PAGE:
During the Virtual Awards Chapel on April 23, then-Dean of the College Scott Feller used 107 words in an empty Pioneer Chapel to announce the 2020 winner of the McLain-McTurnan-Arnold Excellence in Teaching Award was Associate Professor of Economics Peter Mikek.
“I’m not used to seeing my face on the screen,” Mikek said, remembering watching the webcast from home. “It was just a big surprise. I didn’t know what to say. ‘Oh, that’s me! That’s me!’”
The announcement was completely different, but the impact was the same. A day or two later came a different set of feelings.
“I must be doing something right,” he said. “It felt like a confirmation of what I’ve been trying to do for years. In some sense, it was validation and it started to feel really good. It’s also a little bit humbling. There are a lot of really good teachers at this college.”
A measure of suspense surrounds the award’s announcement, since the winner’s name is traditionally the final two words uttered in the introduction. While acknowledging that this year’s winner generally avoids the spotlight, Feller also illuminated two aspects of Mikek’s outstanding teaching, saying “(his) lectures are not grand productions, but rather are rich conversations. Our winner is known for being exceptionally generous with students and exceptionally patient.”
Such characteristics are often on display in the classes Mikek teaches. Macroeconomics is his favorite, but he can be found leading discussions in many others – Money and Banking, International Finance, Economics of the European Union, Comparative Economics Systems, Econometrics, or Economics of Latin America.
“I love macro,” said the fifth economics professor to win the M-M-A. “The world is happening on stage right there for you. This is not disassociated from so-called real life. I don’t pretend that what I teach is the only holy thing in the world. That’s why I enjoy regularly contributing to senior seminar and other college courses.”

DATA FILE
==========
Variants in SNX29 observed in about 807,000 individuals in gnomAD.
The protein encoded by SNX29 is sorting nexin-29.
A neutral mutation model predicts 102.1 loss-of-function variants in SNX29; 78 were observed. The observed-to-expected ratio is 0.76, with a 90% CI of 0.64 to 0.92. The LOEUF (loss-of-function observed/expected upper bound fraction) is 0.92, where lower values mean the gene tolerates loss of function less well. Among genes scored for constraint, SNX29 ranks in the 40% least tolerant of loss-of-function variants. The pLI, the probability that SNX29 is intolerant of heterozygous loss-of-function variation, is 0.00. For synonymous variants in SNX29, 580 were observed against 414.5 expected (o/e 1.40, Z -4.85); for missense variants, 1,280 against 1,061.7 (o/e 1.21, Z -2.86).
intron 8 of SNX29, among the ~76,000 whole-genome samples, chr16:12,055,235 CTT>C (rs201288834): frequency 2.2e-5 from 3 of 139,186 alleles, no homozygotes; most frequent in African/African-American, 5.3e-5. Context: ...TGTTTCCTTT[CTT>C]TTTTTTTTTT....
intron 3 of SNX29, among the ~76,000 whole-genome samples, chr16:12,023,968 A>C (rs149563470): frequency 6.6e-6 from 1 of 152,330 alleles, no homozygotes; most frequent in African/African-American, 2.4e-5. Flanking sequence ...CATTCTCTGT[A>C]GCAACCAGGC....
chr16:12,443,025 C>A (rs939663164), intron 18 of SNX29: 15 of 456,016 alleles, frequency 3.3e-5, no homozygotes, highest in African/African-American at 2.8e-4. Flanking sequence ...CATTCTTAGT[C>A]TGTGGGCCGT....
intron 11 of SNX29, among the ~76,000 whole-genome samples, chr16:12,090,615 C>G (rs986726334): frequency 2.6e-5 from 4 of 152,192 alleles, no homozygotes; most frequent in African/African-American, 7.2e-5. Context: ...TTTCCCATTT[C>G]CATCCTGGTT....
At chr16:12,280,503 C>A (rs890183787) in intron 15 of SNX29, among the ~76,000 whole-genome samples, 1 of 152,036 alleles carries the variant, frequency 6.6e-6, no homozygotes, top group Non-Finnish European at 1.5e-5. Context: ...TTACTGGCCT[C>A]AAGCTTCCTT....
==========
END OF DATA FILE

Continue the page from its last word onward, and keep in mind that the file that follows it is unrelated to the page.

Mikek’s love of economics has roots in his native Slovenia, where he grew up seven miles from the Austrian border. When he was younger, the questions may have been simple, like what’s happening there? But as he grew older, he became aware of how resources shape peoples’ behaviors and started asking questions about monetary policy and its long-term effects.
Not unlike some Wabash students, it was a professor’s comment after an oral exam as a junior in college that pushed him toward a career in teaching.
“At the end of the exam, he stood up, shook my hand, and said, ‘I really appreciate your example,’” Mikek explained. “I thought, ‘Oh, perhaps I’m thinking the right way.’ That was the moment I realized I wanted to take more econ, wanted to learn just a little bit more. This is something I really want to know.”
Mikek joined the joined the Wabash faculty in 2004. Early in his tenure he received some advice from long-time political science professor Phil Mikesell ’63 about teaching – care for the people you engage – that remains the foundation to his classroom approach.
“Building a relationship with students is what counts,” he said. “It’s not the material that you try to transfer. It’s building a relationship with people, and each in different ways. The only way that good teaching can happen is to have a genuine relationship.”
Awards like the M-M-A are quite a validation for any Wabash professor, but Mikek was happy to share the credit with his colleagues.
“This is one award for one teacher, but it’s not one teacher that teaches the student,” he said. “It’s a collective effort of the whole faculty. We have different teaching styles, we have different personal strengths, and we have different fields and different approaches to things. It is actually the collective effort of the whole faculty that shapes a Wabash man into what they become.”
A Peter Mikek Podcast
The current edition of the “Wabash On My Mind” podcast talks to Associate Professor of Economics and 2020 winner of the McLain-McTurnan-Arnold Excellence in Teaching Award Peter Mikek about his approach to teaching and how the award shapes that approach moving forward. Just click the red arrow in the graphic below to enjoy the conversation.